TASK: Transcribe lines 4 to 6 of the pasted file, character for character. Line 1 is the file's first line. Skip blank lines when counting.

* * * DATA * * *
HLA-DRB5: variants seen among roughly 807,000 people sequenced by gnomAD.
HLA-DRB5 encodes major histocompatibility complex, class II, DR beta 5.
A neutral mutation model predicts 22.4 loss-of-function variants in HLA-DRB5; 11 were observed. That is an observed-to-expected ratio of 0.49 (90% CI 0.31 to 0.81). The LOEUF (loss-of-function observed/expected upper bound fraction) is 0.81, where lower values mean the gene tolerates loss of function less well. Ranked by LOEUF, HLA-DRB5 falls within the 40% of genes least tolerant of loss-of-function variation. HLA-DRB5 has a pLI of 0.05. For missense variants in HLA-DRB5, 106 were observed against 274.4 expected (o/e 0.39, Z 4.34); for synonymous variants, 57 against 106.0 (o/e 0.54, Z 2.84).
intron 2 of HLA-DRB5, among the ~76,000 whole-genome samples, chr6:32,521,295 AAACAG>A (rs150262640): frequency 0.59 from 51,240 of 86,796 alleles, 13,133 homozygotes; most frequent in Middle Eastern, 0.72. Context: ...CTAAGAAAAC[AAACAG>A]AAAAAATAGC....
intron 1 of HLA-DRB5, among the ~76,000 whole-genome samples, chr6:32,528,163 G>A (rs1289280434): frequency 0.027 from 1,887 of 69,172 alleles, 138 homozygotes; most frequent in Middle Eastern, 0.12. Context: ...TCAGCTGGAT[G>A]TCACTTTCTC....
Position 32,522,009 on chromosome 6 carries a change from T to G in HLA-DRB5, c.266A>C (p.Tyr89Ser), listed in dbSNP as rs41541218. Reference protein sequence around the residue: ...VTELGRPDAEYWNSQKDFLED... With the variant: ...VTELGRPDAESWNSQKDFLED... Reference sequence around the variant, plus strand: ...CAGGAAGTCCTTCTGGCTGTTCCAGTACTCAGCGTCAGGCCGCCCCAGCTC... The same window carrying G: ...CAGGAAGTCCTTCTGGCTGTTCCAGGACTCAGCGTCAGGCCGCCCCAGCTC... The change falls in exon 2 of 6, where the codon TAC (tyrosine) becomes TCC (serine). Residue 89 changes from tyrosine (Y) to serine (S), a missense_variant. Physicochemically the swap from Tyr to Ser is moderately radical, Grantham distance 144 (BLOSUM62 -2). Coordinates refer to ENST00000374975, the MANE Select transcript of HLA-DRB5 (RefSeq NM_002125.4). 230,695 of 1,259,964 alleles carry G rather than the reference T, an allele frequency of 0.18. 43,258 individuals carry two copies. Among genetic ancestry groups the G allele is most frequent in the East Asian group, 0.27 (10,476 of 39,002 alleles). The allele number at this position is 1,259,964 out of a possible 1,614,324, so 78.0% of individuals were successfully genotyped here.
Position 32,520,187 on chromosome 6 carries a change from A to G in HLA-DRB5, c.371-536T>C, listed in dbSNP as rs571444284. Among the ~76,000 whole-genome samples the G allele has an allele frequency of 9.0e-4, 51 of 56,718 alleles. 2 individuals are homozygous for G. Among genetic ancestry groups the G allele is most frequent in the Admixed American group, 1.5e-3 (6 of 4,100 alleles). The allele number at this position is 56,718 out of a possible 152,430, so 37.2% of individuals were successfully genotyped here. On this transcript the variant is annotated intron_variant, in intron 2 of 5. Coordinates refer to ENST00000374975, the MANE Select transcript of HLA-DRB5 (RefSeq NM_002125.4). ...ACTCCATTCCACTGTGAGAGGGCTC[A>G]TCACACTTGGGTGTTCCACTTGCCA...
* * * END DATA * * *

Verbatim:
intron 2 of HLA-DRB5, among the ~76,000 whole-genome samples, chr6:32,521,295 AAACAG>A (rs150262640): frequency 0.59 from 51,240 of 86,796 alleles, 13,133 homozygotes; most frequent in Middle Eastern, 0.72. Context: ...CTAAGAAAAC[AAACAG>A]AAAAAATAGC....
intron 1 of HLA-DRB5, among the ~76,000 whole-genome samples, chr6:32,528,163 G>A (rs1289280434): frequency 0.027 from 1,887 of 69,172 alleles, 138 homozygotes; most frequent in Middle Eastern, 0.12. Context: ...TCAGCTGGAT[G>A]TCACTTTCTC....
Position 32,522,009 on chromosome 6 carries a change from T to G in HLA-DRB5, c.266A>C (p.Tyr89Ser), listed in dbSNP as rs41541218. Reference protein sequence around the residue: ...VTELGRPDAEYWNSQKDFLED... With the variant: ...VTELGRPDAESWNSQKDFLED... Reference sequence around the variant, plus strand: ...CAGGAAGTCCTTCTGGCTGTTCCAGTACTCAGCGTCAGGCCGCCCCAGCTC... The same window carrying G: ...CAGGAAGTCCTTCTGGCTGTTCCAGGACTCAGCGTCAGGCCGCCCCAGCTC... The change falls in exon 2 of 6, where the codon TAC (tyrosine) becomes TCC (serine). Residue 89 changes from tyrosine (Y) to serine (S), a missense_variant. Physicochemically the swap from Tyr to Ser is moderately radical, Grantham distance 144 (BLOSUM62 -2). Coordinates refer to ENST00000374975, the MANE Select transcript of HLA-DRB5 (RefSeq NM_002125.4). 230,695 of 1,259,964 alleles carry G rather than the reference T, an allele frequency of 0.18. 43,258 individuals carry two copies. Among genetic ancestry groups the G allele is most frequent in the East Asian group, 0.27 (10,476 of 39,002 alleles). The allele number at this position is 1,259,964 out of a possible 1,614,324, so 78.0% of individuals were successfully genotyped here.